Researched by Michael J. Caylor Jr.
Sheriff Robert Basset is warning residents of the dangers of old dynamite after a joint investigation removed 20 pounds of the material from the area. The incident began on Sunday when a caller informed the Sheriff that the aging explosive was stolen from a farm building at a home in the Town of Skanawan. According to Sheriff Basset, five men removed the dynamite and drove it to Merrill where they took it to an apartment with the intention of melting down the dynamite in order to remove the nitroglycerin. Changing their minds, the group then transported the dynamite to a site north of Merrill where they left it. When the Sheriff and his men discovered the dump site, they guarded it until a demolition expert from the State Traffic Patrol in Stevens Point came up to dispose of it. The Merrill and Tomahawk Police Departments assisted with the investigation.
The Court House is one of many offices which will be closed until Jan. 2. If love strikes your heart during this time, you can call County Clerk Ken Oldenburg at his Gleason home, and he will issue you a marriage license.
The State of Wisconsin is offering the City of Merrill a mass transit system at their expense. A meeting was held Monday in the office of Mayor to discuss the project. Prior to the meeting, state representatives checked out the dial a bus service and the city’s taxi service with members of the city’s traffic commission. The state is offering to pay the startup and one year’s worth of expenses for the bus service if the city would take over its management after one year. If the bus service continues to operate at a level that satisfies the state, they would continue to pay for two-thirds of the service. City Comptroller Robert Klug emphasized that they are just looking for the best transit system at the lowest cost for the community.
Richard Swanson, 28, of Tomahawk, has pleaded guilty to the first degree murder of an elderly and nearly blind Lincoln County woman. Swanson faces a mandatory sentence of life in prison for the murder of 63-year-old Ruth Tiffany. Formal sentencing will take place on Jan. 5. Tiffany was killed the night of June 1, 1983 at her trailer home about six miles north of Merrill. She died as a result of stab wounds and her body was found five days later when the rural mail carrier reported she wasn’t picking up her mail. Swanson had originally pleaded not guilty due to insanity. A part of a plea bargain between Swanson and special prosecutors Douglas Haag and Steven Ebert called for the armed robbery charge to be dismissed for Swanson’s guilty plea to the murder.
In a letter to local historian Doris Mielke from Anita Hein Streeter of Los Angeles, CA we learn a little more about the T. B. Scott Mansion. Mielke has long been interested in the mansion’s history and has spent considerable time writing about it. In her letter, Mrs. Streeter notes that her grandparents moved into the mansion in the spring of 1900. Her mother graduated from college and arrived in June of that year. When the family arrived, Streeter’s grandmother was aghast at the prospect of moving into a house that had never really been a home to anyone. It was uncared for and littered. Heating was a considerable problem and there were nine fireplaces and a huge furnace. The furnace in the basement could burn whole logs according to her grandfather and in the dining room there was a coal furnace. Streeter knew the infamous Popcorn Dan and she never really thought of him as a caretaker, more like someone who camped out in a few rooms. Another resident was a man remembered as “Sousamehl” or “Suzamehl.” He was a slight man with a little mustache and he edited the German newspaper in town. When World War One broke out, he packed his bags and left on the morning train and was never heard from again.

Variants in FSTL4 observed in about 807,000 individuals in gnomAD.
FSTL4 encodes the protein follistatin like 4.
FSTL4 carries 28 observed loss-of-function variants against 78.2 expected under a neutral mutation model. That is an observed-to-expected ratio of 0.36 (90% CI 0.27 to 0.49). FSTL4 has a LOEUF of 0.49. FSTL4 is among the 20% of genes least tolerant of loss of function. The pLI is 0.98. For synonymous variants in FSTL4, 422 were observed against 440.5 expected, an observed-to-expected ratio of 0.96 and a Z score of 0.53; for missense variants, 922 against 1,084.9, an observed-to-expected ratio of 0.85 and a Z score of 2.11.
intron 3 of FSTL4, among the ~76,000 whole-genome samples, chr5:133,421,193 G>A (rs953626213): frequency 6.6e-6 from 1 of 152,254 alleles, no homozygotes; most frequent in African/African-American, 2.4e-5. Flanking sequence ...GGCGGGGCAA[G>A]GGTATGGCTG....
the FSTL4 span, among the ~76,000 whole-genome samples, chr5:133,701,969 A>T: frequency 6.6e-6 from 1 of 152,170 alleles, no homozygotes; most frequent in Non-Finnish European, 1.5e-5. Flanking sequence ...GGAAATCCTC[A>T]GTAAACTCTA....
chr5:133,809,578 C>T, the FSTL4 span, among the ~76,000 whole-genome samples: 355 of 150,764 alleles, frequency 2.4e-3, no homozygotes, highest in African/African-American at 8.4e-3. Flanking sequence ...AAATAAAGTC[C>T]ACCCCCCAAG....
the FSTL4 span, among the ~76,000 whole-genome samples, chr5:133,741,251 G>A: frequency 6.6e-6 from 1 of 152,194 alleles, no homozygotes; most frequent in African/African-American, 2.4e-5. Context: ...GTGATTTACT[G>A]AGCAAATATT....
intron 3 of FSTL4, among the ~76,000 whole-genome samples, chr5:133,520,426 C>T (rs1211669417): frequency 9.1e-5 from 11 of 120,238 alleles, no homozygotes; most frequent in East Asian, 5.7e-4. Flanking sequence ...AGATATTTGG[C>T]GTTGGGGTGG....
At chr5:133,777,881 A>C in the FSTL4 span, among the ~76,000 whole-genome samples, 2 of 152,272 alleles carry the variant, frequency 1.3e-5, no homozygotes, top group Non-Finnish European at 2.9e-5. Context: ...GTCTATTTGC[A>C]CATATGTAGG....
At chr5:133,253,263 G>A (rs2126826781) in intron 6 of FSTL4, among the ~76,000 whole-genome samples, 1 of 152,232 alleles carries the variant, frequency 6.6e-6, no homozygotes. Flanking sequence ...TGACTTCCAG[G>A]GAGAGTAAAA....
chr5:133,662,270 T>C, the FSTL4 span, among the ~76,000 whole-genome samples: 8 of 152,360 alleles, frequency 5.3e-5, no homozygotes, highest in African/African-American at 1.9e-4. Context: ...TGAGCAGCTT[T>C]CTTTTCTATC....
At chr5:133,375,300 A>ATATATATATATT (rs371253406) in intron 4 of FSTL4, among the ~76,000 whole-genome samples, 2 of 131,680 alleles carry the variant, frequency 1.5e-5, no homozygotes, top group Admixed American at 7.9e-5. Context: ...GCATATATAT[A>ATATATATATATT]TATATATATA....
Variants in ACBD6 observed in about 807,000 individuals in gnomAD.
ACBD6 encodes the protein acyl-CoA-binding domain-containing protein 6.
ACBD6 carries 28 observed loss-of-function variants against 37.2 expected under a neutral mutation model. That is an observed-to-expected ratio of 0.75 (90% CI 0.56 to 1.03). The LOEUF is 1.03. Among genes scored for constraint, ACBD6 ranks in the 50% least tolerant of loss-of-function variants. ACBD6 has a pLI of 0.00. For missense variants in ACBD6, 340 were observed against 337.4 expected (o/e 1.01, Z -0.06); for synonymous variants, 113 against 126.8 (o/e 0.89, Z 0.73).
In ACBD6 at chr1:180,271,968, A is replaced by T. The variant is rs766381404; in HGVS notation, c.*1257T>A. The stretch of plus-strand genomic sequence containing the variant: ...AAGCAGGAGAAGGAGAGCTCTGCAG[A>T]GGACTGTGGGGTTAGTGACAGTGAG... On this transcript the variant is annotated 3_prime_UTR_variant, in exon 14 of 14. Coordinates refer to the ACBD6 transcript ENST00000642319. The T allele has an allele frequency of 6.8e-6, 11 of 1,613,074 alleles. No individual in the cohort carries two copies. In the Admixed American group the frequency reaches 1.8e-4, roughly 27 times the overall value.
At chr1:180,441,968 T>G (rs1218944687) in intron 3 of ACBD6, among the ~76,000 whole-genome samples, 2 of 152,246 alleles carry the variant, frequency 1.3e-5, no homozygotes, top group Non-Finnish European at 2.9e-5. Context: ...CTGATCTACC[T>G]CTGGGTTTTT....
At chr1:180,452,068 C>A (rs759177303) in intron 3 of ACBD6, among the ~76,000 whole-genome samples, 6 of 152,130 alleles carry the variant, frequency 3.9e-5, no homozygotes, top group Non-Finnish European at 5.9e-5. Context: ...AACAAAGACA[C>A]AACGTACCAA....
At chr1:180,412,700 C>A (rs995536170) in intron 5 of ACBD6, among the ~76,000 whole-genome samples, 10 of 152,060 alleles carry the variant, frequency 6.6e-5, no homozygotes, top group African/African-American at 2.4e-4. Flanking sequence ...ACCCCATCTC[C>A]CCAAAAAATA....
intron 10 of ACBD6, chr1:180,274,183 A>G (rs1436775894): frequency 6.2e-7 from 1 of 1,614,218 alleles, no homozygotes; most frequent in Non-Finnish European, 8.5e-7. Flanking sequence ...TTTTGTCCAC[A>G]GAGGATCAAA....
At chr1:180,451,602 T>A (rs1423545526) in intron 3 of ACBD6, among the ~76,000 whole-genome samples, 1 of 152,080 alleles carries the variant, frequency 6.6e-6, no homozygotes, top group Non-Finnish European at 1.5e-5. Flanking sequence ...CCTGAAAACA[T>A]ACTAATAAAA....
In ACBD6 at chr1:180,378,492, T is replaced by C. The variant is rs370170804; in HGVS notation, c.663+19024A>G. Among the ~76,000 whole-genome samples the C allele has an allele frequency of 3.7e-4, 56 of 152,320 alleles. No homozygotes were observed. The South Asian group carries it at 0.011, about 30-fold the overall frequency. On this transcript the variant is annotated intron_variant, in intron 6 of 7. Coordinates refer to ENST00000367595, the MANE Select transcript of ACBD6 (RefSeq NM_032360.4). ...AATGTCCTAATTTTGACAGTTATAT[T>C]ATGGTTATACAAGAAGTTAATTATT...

Looking for something to do on New Year’s Eve? Tanglewood Bar has the Polish Cowboys. Liermann’s Ballroom will feature Family Tradition, Grunty’s Bar has Hickory Mountain, Stueber’s Country Way will have the music of Silverado, the Legion Lounge has breakfast specials on New Year’s morning starting at 10 a.m., the Black Heath has a couples special where for $45 you can get a prime rib or lobster dinner along with appetizers all night and a bottle of champagne per couple as you listen to live music.
Local donations are spotlighted on the front page where Ron Hornischer, president of Lincoln County Bank, is pictured presenting a check for $4,000 to Sr. Peggy Jackelen of the Food Pantry. Other groups benefiting from the generosity of others includes plenty of warm hands thanks to the mitten tree at Miller Furniture and at Family Medical Center. Good Samaritan had its love lights and the Sixth Ward had its Tree of Hope. WJMT had a gift tree at Courtside Furniture and the Merrill Fire Department gave out tons of toys for tots. The Humane Society was remembered by the local 4-H Groups with various food drives. A new organization, the Habitat for Humanity, is getting help as they look to assist people with their housing needs. The MARC Center and the Historical Society Museum require local support to stay alive, and the Lincoln Community Theatre entertains us thanks to citizen support. A ton of booster clubs and civic organizations are credited for helping accomplish much of this support.
There are lots of specials as Wisconsin gets ready to cheer on the Badgers in the upcoming Rose Bowl. Subway will give you a sack of Subs for $12.99, Salvo’s will give you $1 off every pizza ordered during the game; Carl and Debbie’s Liquor has cases of Blatz for $5.79, Cheesers Pizza located on E. Main St. (later known as the U-Boat building which burned down) has a 16-inch five pound supreme pizza for only $10 on game day, Eli’s Mile High Club on County Rd W and WW has a 70” screen to watch the game on, and as a drink special Grund’s Bar promises when the Badgers score you score!
Researched by Michael J. Caylor Jr.